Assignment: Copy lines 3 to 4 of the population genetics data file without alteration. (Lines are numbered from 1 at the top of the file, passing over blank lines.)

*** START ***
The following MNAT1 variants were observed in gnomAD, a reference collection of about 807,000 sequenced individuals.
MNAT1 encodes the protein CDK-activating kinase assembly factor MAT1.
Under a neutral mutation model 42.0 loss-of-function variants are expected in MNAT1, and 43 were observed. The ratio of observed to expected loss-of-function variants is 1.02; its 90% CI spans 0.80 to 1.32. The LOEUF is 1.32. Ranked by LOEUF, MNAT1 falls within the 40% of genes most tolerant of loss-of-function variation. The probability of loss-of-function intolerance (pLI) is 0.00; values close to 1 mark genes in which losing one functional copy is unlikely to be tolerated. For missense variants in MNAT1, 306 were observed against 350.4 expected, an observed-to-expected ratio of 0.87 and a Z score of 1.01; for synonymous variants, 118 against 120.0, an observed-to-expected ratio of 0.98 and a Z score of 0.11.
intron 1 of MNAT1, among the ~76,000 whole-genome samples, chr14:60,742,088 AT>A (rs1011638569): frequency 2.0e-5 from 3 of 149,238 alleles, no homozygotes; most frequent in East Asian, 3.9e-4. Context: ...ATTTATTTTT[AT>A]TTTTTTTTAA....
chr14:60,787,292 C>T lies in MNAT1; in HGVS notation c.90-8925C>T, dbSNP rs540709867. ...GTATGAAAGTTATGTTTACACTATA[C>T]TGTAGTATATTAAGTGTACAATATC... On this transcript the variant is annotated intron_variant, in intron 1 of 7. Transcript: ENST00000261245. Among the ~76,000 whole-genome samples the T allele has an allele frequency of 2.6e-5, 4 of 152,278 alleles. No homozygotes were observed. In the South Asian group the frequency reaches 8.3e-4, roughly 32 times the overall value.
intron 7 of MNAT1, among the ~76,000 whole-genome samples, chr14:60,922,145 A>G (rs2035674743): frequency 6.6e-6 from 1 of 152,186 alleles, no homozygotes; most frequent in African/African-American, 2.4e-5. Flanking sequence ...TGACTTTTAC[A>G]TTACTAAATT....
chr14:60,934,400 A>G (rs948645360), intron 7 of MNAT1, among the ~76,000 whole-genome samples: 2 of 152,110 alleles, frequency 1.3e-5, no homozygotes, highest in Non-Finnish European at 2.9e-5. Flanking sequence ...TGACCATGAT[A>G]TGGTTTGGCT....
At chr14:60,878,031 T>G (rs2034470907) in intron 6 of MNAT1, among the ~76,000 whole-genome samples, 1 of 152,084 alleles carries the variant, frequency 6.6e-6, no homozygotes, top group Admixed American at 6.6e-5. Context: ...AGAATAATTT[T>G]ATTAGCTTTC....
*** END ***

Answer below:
Under a neutral mutation model 42.0 loss-of-function variants are expected in MNAT1, and 43 were observed. The ratio of observed to expected loss-of-function variants is 1.02; its 90% CI spans 0.80 to 1.32. The LOEUF is 1.32. Ranked by LOEUF, MNAT1 falls within the 40% of genes most tolerant of loss-of-function variation. The probability of loss-of-function intolerance (pLI) is 0.00; values close to 1 mark genes in which losing one functional copy is unlikely to be tolerated. For missense variants in MNAT1, 306 were observed against 350.4 expected, an observed-to-expected ratio of 0.87 and a Z score of 1.01; for synonymous variants, 118 against 120.0, an observed-to-expected ratio of 0.98 and a Z score of 0.11.
intron 1 of MNAT1, among the ~76,000 whole-genome samples, chr14:60,742,088 AT>A (rs1011638569): frequency 2.0e-5 from 3 of 149,238 alleles, no homozygotes; most frequent in East Asian, 3.9e-4. Context: ...ATTTATTTTT[AT>A]TTTTTTTTAA....